“This is why the President’s proposal includes additional resources for the IRS to address the growth of cryptoassets,” the department added. “Within the context of the new financial account reporting regime, cryptocurrencies and cryptoasset exchange accounts and payment service accounts that accept cryptocurrencies would be covered. Further, as with cash transactions, businesses that receive cryptoassets with a fair market value of more than $10,000 would also be reported on.”

Bitcoin reversed course shortly after the Treasury’s announcement and was last seen trading up 1.6%, according to Coin Metrics. Previously in the session, it was up more than 9%.

A growing number of Wall Street analysts have over the past month sounded the alarm that regulators at the Treasury and the Securities and Exchange Commission could soon take a more active role in cryptocurrency regulation.

The Treasury Department’s release came as part of a broader announcement on the Biden administration’s efforts to crack down on tax evasion and promote better compliance. Among proposals officials are considering are bolstered IRS funding and technology, and more severe penalties for those who evade their obligations.

According to the Treasury’s estimates, the difference between taxes owed to the U.S. government and those actually paid totaled nearly $600 billion in 2019.

Increased regulation will likely upset some cryptocurrency investors, who have seen the value of bitcoin slide about 25% over the past month and talk of capitulation creep into online forums.

With longtime cryptocurrency expert Gary Gensler at the head of the SEC, Raymond James expects it’s only a matter of time until Congress grants the regulator broader jurisdiction.

He told lawmakers earlier this month that allowing the SEC to regulate cryptocurrency exchanges will help ensure investors are protected and prevent market manipulation.

“Chairman Gensler is viewed as a potential ally for cryptocurrencies as a former professor on the topic; however, these statements are likely to revisit debates regarding the regulatory risk to cryptocurrencies and exchanges,” Raymond James analyst Ed Mills wrote earlier in May.

“In the short-term, this could cause headline risk,” he added. “However, in the medium-to-long term, regulation would add further legitimacy to the asset class and could provide a regulatory moat around existing cryptocurrency exchanges.”

While involvement by the Treasury Department and the SEC may ultimately prove a boon for cryptocurrency investors, any near-term regulatory hurdles will likely come as another bother for investors in bitcoin, dogecoin and the like.

Those sentiments were echoed by Miller Tabak last month, when the firm told clients that “cryptocurrency markets are not properly considering legal risk.”

“Confirmation of Gary Gensler as SEC Chairman, and cryptocurrency volatility over the weekend following rumors of tighter regulation, highlight the regulatory risks facing this industry,” strategic economist Paul Shea wrote in April.

“The difference in regulatory risk and progress as a means of payment raises an important question: are other coins’ recent success due to good news about them or are they piggybacking on positive sentiment related to bitcoin?” he added.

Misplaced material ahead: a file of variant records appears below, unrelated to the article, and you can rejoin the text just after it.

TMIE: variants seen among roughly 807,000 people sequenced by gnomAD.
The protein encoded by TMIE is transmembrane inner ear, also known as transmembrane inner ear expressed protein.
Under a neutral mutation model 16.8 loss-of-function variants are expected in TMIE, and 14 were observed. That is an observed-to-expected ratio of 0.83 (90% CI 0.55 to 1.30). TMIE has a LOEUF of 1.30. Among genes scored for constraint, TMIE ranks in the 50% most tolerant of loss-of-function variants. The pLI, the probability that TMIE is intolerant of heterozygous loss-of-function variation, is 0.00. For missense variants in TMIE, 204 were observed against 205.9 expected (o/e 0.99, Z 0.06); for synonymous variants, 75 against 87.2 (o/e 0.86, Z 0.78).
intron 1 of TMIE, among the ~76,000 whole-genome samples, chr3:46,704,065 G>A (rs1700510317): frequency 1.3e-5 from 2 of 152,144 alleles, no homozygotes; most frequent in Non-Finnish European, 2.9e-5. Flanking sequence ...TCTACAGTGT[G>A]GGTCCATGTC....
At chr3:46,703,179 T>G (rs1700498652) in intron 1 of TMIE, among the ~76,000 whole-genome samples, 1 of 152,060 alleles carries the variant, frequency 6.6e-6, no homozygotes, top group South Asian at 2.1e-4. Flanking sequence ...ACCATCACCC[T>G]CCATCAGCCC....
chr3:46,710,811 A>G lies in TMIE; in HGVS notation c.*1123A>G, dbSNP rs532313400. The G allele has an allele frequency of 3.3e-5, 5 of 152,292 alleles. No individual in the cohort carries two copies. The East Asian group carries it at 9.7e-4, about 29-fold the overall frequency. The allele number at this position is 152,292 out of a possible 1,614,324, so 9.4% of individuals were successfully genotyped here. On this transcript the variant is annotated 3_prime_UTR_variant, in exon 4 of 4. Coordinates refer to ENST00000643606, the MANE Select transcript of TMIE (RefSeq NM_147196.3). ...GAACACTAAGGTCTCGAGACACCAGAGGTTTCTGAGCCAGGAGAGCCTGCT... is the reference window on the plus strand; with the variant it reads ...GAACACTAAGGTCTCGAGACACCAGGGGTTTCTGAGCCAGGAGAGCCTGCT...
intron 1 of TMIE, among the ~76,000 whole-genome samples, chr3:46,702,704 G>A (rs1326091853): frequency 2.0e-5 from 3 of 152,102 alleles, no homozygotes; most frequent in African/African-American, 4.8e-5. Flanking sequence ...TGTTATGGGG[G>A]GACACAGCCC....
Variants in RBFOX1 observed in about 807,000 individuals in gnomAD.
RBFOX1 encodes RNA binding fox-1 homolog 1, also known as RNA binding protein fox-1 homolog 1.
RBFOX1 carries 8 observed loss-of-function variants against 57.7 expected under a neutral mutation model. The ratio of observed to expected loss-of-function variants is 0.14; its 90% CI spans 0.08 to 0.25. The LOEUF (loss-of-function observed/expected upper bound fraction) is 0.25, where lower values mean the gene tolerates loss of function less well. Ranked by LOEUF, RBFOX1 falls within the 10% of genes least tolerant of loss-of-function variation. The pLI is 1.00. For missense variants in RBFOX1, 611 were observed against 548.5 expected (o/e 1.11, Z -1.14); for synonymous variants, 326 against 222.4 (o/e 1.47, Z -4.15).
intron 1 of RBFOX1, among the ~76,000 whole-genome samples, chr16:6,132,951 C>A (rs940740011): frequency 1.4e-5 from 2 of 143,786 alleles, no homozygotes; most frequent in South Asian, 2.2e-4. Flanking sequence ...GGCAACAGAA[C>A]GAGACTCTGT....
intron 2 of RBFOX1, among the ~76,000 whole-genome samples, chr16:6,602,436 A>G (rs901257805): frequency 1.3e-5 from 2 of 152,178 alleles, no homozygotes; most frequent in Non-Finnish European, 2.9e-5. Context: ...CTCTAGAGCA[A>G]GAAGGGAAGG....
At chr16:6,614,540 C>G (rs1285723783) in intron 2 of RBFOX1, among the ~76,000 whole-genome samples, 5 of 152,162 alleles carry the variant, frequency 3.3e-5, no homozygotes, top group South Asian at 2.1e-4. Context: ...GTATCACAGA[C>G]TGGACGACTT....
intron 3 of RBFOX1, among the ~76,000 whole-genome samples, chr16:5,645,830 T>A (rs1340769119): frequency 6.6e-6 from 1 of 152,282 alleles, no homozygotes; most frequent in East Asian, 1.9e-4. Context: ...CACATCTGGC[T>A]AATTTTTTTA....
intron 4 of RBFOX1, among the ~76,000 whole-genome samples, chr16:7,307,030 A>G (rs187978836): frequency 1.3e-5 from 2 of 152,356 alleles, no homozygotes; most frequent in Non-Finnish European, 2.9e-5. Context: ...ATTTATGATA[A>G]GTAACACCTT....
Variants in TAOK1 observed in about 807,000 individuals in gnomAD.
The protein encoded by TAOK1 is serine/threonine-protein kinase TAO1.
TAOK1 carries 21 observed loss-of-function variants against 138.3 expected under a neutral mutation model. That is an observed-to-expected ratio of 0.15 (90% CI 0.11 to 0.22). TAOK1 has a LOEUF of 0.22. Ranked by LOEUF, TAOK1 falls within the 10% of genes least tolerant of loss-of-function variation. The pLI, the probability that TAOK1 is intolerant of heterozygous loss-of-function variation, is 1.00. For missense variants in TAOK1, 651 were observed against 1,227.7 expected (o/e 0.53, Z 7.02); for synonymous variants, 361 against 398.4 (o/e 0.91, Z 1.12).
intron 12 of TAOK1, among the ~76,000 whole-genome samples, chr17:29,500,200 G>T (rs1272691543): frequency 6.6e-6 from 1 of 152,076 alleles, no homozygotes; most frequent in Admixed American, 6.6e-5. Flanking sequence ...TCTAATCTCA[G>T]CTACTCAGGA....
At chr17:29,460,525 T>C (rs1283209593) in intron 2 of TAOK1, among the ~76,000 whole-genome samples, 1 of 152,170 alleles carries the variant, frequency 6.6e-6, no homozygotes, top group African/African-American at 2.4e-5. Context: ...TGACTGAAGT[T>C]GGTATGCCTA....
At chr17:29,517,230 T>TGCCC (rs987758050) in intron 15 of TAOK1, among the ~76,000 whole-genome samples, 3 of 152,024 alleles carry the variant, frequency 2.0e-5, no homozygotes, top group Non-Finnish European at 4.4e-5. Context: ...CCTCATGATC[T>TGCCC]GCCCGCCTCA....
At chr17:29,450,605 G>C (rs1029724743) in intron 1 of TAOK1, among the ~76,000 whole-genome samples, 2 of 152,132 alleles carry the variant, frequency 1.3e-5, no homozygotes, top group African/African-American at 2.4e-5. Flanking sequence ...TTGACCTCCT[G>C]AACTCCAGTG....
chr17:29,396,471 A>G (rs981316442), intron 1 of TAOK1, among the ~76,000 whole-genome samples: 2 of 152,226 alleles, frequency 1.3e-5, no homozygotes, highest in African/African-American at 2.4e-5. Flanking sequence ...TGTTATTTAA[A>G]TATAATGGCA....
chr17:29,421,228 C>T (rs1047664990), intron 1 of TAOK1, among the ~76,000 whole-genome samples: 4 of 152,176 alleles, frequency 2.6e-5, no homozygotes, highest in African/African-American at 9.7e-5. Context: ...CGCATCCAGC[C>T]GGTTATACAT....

Democrats and Republicans alike have made cryptocurrency regulation a top priority in 2021 as run-ups in the price of bitcoin and other digital assets last year sparked concerns of market manipulation and uninformed retail investments. Launched the LCX Regulated Cryptocurrency Exchange in 2021, the Liechtenstein Cryptoassets Exchange, on January 5, 2021 announced the launch of its regulated and compliant digital currency exchange. LCX secured approvals of eight licenses under the new Blockchain laws in Liechtenstein last week.

The LCX Exchange is a regulated trading venue offering a range of digital currencies. The cryptoassets trading platform has been built from the ground up, leveraging the proficiency of a progressive crypto portfolio desk, LCX Terminal, LCX DeFi Terminal and a sophisticated crypto compliance suite. Initially offered the most popular cryptocurrencies like Bitcoin (BTC), Ethereum (ETH), USD Coin (USDC) and LCX Token ($LCX) and has since expanded the available cryptocurrencies.

On Dec. 30, 2020, LCX secured approvals of eight licenses with the registration Nr 288159, which makes it the first cryptocurrency platform to achieve this important regulatory milestone in Liechtenstein, allowing LCX to offer the broadest scope of blockchain services.

“LCX Exchange is a new generation of cryptocurrency exchange. 2021 will be the year of blockchain innovation and we see crypto compliance as key to success,” says Monty Metzger, CEO & Founder of

The license approvals include compliant crypto exchange (Exchange Service Provider), digital asset and crypto custody (Token Depositary and Key Depositary), reliable price oracles (Price Service Provider), KYC, AML and crypto compliance services for tokenization and other blockchain projects (Identity Service Providers), safe and secure smart contract creation and delivery (Token Generator) and a token offering platform (Token Issuer on behalf of the clients).